Obesity is associated with obstructive sleep apnea in the adult and pediatric population. The aim of our study
was to assess the association between increasing body mass index on the severity of obstructive sleep apnea in children.
We reviewed retrospectively 740 children with symptoms suggestive of obstructive sleep apnea who underwent a sleep
study at an inner city university hospital. Obstructive sleep apnea was defined as respiratory disturbance index of 5 per
hour or more. Statistical analysis included chi square test and regression analysis.
The results were as follows: 740 children, 56% were male. Mean age (±SD) 6.0 (±3.4) years. 66% were 6 years of age and
younger and 34% were 7 years of age and older. 61% had a nap study positive for obstructive sleep apnea (63% of children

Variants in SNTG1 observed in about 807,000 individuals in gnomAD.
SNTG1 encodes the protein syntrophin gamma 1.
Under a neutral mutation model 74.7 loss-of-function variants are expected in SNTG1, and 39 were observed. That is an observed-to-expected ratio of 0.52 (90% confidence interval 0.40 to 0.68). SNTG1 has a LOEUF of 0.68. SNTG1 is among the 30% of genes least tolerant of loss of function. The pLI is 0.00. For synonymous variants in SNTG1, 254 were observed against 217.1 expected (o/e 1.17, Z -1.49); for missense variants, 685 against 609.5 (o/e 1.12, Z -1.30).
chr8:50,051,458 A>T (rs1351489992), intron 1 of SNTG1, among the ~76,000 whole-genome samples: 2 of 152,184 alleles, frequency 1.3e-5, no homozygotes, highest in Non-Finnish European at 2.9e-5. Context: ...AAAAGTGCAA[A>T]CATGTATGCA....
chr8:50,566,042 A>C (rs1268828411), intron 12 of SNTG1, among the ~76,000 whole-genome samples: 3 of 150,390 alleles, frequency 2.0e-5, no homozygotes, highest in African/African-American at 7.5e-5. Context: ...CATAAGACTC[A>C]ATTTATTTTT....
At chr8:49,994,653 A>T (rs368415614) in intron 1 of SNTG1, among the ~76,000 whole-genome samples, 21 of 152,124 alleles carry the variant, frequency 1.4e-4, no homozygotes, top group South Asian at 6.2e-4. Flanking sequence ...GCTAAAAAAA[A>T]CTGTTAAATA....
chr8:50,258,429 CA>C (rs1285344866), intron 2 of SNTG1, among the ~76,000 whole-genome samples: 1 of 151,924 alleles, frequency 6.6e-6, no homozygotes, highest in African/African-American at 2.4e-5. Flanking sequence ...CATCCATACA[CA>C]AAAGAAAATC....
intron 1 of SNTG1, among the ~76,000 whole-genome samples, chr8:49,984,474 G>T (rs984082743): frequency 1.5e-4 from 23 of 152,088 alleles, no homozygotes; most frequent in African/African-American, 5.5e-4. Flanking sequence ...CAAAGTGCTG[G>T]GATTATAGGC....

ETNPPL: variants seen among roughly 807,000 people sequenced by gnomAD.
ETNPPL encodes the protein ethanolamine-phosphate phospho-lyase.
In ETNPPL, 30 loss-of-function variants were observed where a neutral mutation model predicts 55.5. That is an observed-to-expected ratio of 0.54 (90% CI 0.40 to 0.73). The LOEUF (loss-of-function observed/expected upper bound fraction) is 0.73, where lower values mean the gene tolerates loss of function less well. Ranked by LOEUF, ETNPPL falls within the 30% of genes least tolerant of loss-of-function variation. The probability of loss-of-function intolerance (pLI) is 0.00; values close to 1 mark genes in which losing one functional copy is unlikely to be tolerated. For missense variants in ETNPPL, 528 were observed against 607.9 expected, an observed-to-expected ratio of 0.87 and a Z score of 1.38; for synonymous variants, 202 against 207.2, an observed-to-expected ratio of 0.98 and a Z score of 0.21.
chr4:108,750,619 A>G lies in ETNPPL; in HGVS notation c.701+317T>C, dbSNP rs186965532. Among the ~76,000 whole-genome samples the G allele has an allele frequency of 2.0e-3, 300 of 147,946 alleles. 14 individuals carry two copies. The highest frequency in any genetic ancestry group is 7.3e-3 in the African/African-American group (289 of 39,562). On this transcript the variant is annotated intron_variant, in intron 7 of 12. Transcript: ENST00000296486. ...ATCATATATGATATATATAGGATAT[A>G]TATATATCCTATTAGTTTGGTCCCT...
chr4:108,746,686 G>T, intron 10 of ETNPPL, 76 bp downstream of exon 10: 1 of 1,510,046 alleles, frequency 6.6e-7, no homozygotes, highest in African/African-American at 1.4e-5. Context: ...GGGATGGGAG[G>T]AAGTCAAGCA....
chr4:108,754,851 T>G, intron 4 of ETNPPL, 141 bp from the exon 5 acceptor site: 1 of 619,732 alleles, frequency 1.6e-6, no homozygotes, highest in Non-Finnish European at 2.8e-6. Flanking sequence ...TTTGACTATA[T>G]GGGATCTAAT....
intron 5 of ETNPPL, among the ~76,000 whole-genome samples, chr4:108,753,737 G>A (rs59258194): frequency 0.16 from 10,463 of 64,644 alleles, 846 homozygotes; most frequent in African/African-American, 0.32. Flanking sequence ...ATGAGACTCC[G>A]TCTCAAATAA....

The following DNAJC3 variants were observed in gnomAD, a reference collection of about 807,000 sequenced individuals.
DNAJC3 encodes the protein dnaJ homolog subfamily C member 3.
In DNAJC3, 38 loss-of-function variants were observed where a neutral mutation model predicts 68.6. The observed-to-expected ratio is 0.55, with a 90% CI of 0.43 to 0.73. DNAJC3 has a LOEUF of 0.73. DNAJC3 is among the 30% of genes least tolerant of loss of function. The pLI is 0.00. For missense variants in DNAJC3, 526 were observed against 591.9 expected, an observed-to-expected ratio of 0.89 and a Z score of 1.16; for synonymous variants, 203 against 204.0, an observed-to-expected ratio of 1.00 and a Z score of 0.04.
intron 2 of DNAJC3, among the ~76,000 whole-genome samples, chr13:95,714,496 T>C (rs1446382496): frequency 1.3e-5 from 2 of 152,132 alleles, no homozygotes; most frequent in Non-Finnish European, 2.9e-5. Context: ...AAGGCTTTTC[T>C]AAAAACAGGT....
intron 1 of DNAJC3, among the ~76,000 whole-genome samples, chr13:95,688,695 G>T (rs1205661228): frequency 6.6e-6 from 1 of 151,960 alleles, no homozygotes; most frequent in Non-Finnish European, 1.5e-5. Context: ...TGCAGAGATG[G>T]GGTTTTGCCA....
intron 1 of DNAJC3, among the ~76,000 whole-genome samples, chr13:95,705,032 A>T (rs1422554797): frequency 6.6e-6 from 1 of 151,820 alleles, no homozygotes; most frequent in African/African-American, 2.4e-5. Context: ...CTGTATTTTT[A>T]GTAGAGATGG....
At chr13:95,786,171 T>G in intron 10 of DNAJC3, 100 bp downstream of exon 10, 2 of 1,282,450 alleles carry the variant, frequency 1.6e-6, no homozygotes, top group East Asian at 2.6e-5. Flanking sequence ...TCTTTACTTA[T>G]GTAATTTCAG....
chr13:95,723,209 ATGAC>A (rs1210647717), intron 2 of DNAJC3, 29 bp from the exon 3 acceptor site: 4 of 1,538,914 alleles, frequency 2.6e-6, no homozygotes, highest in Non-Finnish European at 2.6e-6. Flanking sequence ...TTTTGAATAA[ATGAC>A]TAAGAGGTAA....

6 years and 69% 7 years). Mean body mass index z-score was +1.1 (± 1.5) (+1.0 (± 1.6) in children 6 years and
+1.5 (±1.2) 7 years). In children 7 years of age and older there was a relationship between body mass index z-score and
respiratory disturbance index (r= 0.188, p= 0.003). In children 6 years of age and younger there was no association. There
was no relationship between body mass index and desaturation.
Increasing body mass index is associated with increasing severity of obstructive sleep apnea in children 7 years of age and